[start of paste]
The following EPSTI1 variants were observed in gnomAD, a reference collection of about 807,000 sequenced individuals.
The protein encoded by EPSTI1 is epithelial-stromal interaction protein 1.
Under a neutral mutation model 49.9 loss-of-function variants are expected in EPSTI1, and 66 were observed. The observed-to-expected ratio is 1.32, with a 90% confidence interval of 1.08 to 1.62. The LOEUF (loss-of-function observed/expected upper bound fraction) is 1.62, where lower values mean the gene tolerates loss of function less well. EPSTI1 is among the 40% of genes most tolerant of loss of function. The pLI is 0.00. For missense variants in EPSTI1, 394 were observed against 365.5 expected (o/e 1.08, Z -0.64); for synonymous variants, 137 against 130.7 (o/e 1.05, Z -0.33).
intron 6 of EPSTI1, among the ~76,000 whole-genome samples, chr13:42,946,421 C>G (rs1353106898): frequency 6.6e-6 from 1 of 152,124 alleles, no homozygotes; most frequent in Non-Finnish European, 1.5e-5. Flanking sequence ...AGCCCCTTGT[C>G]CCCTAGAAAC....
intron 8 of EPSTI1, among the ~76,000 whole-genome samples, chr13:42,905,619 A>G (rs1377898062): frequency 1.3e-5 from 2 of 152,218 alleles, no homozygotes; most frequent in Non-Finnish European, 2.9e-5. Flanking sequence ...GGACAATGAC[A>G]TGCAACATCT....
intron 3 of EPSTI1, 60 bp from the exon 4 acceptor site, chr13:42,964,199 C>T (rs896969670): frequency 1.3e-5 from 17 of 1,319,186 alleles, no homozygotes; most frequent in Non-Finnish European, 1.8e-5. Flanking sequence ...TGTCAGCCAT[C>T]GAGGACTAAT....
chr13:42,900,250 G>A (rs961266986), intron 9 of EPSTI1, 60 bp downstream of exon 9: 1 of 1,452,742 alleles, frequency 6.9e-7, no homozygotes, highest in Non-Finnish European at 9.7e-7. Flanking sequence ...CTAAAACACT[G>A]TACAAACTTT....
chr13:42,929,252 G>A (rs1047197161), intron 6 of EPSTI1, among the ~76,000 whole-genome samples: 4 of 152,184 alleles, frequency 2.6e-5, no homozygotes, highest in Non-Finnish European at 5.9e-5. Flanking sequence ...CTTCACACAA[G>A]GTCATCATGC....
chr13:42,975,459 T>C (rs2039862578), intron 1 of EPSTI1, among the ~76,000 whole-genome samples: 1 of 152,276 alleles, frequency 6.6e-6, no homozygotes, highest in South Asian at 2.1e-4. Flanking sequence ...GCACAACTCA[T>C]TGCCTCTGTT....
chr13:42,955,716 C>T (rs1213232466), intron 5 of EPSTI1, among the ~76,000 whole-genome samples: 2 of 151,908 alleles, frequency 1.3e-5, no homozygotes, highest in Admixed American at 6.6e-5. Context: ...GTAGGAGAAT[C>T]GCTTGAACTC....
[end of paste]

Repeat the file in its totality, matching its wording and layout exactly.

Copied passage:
The following EPSTI1 variants were observed in gnomAD, a reference collection of about 807,000 sequenced individuals.
The protein encoded by EPSTI1 is epithelial-stromal interaction protein 1.
Under a neutral mutation model 49.9 loss-of-function variants are expected in EPSTI1, and 66 were observed. The observed-to-expected ratio is 1.32, with a 90% confidence interval of 1.08 to 1.62. The LOEUF (loss-of-function observed/expected upper bound fraction) is 1.62, where lower values mean the gene tolerates loss of function less well. EPSTI1 is among the 40% of genes most tolerant of loss of function. The pLI is 0.00. For missense variants in EPSTI1, 394 were observed against 365.5 expected (o/e 1.08, Z -0.64); for synonymous variants, 137 against 130.7 (o/e 1.05, Z -0.33).
intron 6 of EPSTI1, among the ~76,000 whole-genome samples, chr13:42,946,421 C>G (rs1353106898): frequency 6.6e-6 from 1 of 152,124 alleles, no homozygotes; most frequent in Non-Finnish European, 1.5e-5. Flanking sequence ...AGCCCCTTGT[C>G]CCCTAGAAAC....
intron 8 of EPSTI1, among the ~76,000 whole-genome samples, chr13:42,905,619 A>G (rs1377898062): frequency 1.3e-5 from 2 of 152,218 alleles, no homozygotes; most frequent in Non-Finnish European, 2.9e-5. Flanking sequence ...GGACAATGAC[A>G]TGCAACATCT....
intron 3 of EPSTI1, 60 bp from the exon 4 acceptor site, chr13:42,964,199 C>T (rs896969670): frequency 1.3e-5 from 17 of 1,319,186 alleles, no homozygotes; most frequent in Non-Finnish European, 1.8e-5. Flanking sequence ...TGTCAGCCAT[C>T]GAGGACTAAT....
chr13:42,900,250 G>A (rs961266986), intron 9 of EPSTI1, 60 bp downstream of exon 9: 1 of 1,452,742 alleles, frequency 6.9e-7, no homozygotes, highest in Non-Finnish European at 9.7e-7. Flanking sequence ...CTAAAACACT[G>A]TACAAACTTT....
chr13:42,929,252 G>A (rs1047197161), intron 6 of EPSTI1, among the ~76,000 whole-genome samples: 4 of 152,184 alleles, frequency 2.6e-5, no homozygotes, highest in Non-Finnish European at 5.9e-5. Flanking sequence ...CTTCACACAA[G>A]GTCATCATGC....
chr13:42,975,459 T>C (rs2039862578), intron 1 of EPSTI1, among the ~76,000 whole-genome samples: 1 of 152,276 alleles, frequency 6.6e-6, no homozygotes, highest in South Asian at 2.1e-4. Flanking sequence ...GCACAACTCA[T>C]TGCCTCTGTT....
chr13:42,955,716 C>T (rs1213232466), intron 5 of EPSTI1, among the ~76,000 whole-genome samples: 2 of 151,908 alleles, frequency 1.3e-5, no homozygotes, highest in Admixed American at 6.6e-5. Context: ...GTAGGAGAAT[C>T]GCTTGAACTC....